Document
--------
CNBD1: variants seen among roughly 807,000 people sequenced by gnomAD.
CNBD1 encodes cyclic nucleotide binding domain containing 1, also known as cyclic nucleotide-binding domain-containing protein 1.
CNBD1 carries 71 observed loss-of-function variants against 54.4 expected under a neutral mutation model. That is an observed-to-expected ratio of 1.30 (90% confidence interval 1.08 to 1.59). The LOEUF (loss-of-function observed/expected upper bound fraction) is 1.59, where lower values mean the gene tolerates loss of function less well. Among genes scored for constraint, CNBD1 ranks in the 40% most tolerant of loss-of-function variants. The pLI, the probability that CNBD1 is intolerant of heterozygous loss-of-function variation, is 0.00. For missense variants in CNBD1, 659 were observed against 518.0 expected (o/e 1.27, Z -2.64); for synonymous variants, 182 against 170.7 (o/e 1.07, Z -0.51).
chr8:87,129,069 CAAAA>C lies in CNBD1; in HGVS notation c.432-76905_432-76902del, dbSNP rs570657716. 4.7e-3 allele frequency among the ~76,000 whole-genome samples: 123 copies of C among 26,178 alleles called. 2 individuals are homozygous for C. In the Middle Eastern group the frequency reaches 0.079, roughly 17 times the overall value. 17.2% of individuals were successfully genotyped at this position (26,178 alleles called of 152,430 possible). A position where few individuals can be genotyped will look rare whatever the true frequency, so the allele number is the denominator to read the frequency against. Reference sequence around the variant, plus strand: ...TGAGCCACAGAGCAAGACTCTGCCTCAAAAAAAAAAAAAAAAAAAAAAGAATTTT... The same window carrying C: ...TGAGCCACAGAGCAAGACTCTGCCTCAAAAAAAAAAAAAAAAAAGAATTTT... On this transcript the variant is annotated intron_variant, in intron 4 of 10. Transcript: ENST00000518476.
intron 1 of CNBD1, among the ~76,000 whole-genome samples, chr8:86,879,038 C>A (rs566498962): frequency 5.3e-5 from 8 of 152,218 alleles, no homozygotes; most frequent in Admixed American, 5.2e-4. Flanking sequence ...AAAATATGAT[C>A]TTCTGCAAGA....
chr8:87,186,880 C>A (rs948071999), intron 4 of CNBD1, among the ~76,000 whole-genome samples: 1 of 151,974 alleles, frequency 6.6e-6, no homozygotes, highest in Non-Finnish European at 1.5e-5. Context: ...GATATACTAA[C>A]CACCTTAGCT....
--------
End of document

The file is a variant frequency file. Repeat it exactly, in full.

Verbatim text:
CNBD1: variants seen among roughly 807,000 people sequenced by gnomAD.
CNBD1 encodes cyclic nucleotide binding domain containing 1, also known as cyclic nucleotide-binding domain-containing protein 1.
CNBD1 carries 71 observed loss-of-function variants against 54.4 expected under a neutral mutation model. That is an observed-to-expected ratio of 1.30 (90% confidence interval 1.08 to 1.59). The LOEUF (loss-of-function observed/expected upper bound fraction) is 1.59, where lower values mean the gene tolerates loss of function less well. Among genes scored for constraint, CNBD1 ranks in the 40% most tolerant of loss-of-function variants. The pLI, the probability that CNBD1 is intolerant of heterozygous loss-of-function variation, is 0.00. For missense variants in CNBD1, 659 were observed against 518.0 expected (o/e 1.27, Z -2.64); for synonymous variants, 182 against 170.7 (o/e 1.07, Z -0.51).
chr8:87,129,069 CAAAA>C lies in CNBD1; in HGVS notation c.432-76905_432-76902del, dbSNP rs570657716. 4.7e-3 allele frequency among the ~76,000 whole-genome samples: 123 copies of C among 26,178 alleles called. 2 individuals are homozygous for C. In the Middle Eastern group the frequency reaches 0.079, roughly 17 times the overall value. 17.2% of individuals were successfully genotyped at this position (26,178 alleles called of 152,430 possible). A position where few individuals can be genotyped will look rare whatever the true frequency, so the allele number is the denominator to read the frequency against. Reference sequence around the variant, plus strand: ...TGAGCCACAGAGCAAGACTCTGCCTCAAAAAAAAAAAAAAAAAAAAAAGAATTTT... The same window carrying C: ...TGAGCCACAGAGCAAGACTCTGCCTCAAAAAAAAAAAAAAAAAAGAATTTT... On this transcript the variant is annotated intron_variant, in intron 4 of 10. Transcript: ENST00000518476.
intron 1 of CNBD1, among the ~76,000 whole-genome samples, chr8:86,879,038 C>A (rs566498962): frequency 5.3e-5 from 8 of 152,218 alleles, no homozygotes; most frequent in Admixed American, 5.2e-4. Flanking sequence ...AAAATATGAT[C>A]TTCTGCAAGA....
chr8:87,186,880 C>A (rs948071999), intron 4 of CNBD1, among the ~76,000 whole-genome samples: 1 of 151,974 alleles, frequency 6.6e-6, no homozygotes, highest in Non-Finnish European at 1.5e-5. Context: ...GATATACTAA[C>A]CACCTTAGCT....